Pioneering aquanaut Dr Sylvia Earle speaks about life in the water and the hidden importance of the ocean.

Since the beginning of recorded history, humans have always been closely associated with the ocean. Considered to be the source of life, the ocean has a place in many of the creation myths of mankind. This is hardly surprising, as most ancient civilisations have been founded on the banks of large rivers, and with good reason – they are a source of food, allow for quick transport, and make the land around them fertile. Oceans provide the same benefits and much more, leading to their revered status.

Part of this reverence comes from the mysterious and unpredictable depths of the ocean. According to most estimates of modern science, a whopping 95% of the ocean lies unexplored. In fact, more people have been on the surface of the moon than to the Mariana Trench, the deepest part of the ocean. However, there is a growing interest to uncover and understand the depths of the ocean, and its connections to the rest of the planet – and at the forefront of this movement is renowned marine biologist and oceanographer, Dr Sylvia Earle.

A Childhood Fascination

A natural water baby, Dr Earle’s introduction to the sea came at the age of three when she was knocked over by a wave while playing on a shore in New Jersey. She describes the experience as initially frightening, but exhilarating at the same time. “My mother was watching from the beach. She could have grabbed me, concerned for my safety, but she saw the big smile on my face and let me go back in – and I have been going back in ever since,” she says.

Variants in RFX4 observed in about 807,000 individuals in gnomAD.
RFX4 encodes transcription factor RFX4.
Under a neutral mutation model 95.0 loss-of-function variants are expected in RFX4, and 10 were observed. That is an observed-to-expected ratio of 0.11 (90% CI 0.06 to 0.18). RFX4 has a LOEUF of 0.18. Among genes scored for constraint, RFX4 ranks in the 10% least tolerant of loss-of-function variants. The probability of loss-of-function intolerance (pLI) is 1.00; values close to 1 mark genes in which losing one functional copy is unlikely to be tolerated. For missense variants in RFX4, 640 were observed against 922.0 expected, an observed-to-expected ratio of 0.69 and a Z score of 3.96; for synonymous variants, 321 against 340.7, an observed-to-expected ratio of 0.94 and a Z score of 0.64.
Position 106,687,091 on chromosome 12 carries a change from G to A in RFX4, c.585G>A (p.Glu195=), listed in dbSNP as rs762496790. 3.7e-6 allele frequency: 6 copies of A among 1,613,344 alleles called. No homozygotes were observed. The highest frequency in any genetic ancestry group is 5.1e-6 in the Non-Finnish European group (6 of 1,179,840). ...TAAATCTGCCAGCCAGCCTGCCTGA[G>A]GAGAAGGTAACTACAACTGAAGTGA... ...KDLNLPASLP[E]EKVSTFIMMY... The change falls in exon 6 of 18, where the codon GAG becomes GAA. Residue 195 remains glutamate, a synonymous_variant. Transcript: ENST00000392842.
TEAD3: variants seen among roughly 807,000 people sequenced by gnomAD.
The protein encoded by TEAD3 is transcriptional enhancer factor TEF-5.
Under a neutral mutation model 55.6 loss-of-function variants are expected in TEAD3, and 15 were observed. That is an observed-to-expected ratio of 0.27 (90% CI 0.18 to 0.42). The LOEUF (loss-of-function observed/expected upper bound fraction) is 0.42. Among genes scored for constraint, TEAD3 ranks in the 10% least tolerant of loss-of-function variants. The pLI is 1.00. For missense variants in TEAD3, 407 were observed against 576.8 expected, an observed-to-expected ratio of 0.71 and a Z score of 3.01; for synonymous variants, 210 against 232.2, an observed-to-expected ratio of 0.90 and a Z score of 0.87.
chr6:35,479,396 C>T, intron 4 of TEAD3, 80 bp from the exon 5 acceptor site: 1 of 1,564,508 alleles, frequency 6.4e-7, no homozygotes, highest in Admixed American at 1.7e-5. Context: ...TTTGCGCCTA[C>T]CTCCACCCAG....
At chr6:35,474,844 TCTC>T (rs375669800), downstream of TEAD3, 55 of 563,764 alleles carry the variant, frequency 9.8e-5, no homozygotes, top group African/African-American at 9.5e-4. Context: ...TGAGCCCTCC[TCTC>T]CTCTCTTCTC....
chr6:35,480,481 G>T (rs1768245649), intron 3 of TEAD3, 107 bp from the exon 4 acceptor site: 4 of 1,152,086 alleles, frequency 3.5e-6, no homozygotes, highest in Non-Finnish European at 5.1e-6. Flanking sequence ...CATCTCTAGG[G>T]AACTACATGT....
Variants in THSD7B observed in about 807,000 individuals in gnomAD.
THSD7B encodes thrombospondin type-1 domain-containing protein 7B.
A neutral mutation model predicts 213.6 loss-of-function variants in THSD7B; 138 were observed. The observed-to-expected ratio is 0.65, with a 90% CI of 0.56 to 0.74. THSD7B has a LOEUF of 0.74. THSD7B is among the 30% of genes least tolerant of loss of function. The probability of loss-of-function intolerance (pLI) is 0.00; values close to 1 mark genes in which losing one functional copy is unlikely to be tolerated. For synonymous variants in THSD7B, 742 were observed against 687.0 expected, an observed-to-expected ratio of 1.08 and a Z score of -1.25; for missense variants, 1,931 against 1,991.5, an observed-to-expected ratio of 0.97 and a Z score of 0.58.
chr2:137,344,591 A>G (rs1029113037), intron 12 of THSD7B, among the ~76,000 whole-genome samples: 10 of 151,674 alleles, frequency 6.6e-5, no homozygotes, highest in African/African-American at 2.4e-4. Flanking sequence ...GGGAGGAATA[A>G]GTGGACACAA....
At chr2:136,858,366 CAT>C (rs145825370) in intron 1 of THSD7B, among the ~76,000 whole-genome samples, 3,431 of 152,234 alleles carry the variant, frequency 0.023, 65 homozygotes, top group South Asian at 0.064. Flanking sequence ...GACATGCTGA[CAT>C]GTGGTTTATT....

At the age of 12, Dr Earle and her family moved to Florida, where her love for the ocean truly took root. She recollects being delighted at having a new backyard to play around in, describing the Gulf of Mexico as a ‘great blue body of water’, one that she could see, hear, play and splash around in. “It was like going to the zoo. It was heaven for a kid. It will always be that way in my mind, it is just this paradise,” she explains. By the time Dr Earle was in high school, she had already made up her mind to be a scientist, at a time when women were still underrepresented in this heavily male dominated field.

Dr Earle exploring the ocean in a DeepSee submersible.

Plumbing The Depths

During her time as a research fellow at Harvard, Dr Earle came across a bulletin board notice for the Tektite project, calling for applicants to live underwater as a scientist. She jumped at the opportunity and was accepted to join the programme’s second mission a year later in 1970. The project was ahead of its time in many ways – it was the first to explore the feasibility of living underwater for prolonged periods of time, and the first to accept an all-female team of aquanauts, headed by Dr Earle. The team’s subsequent success paved the way for greater inclusivity of women in future aquatic missions.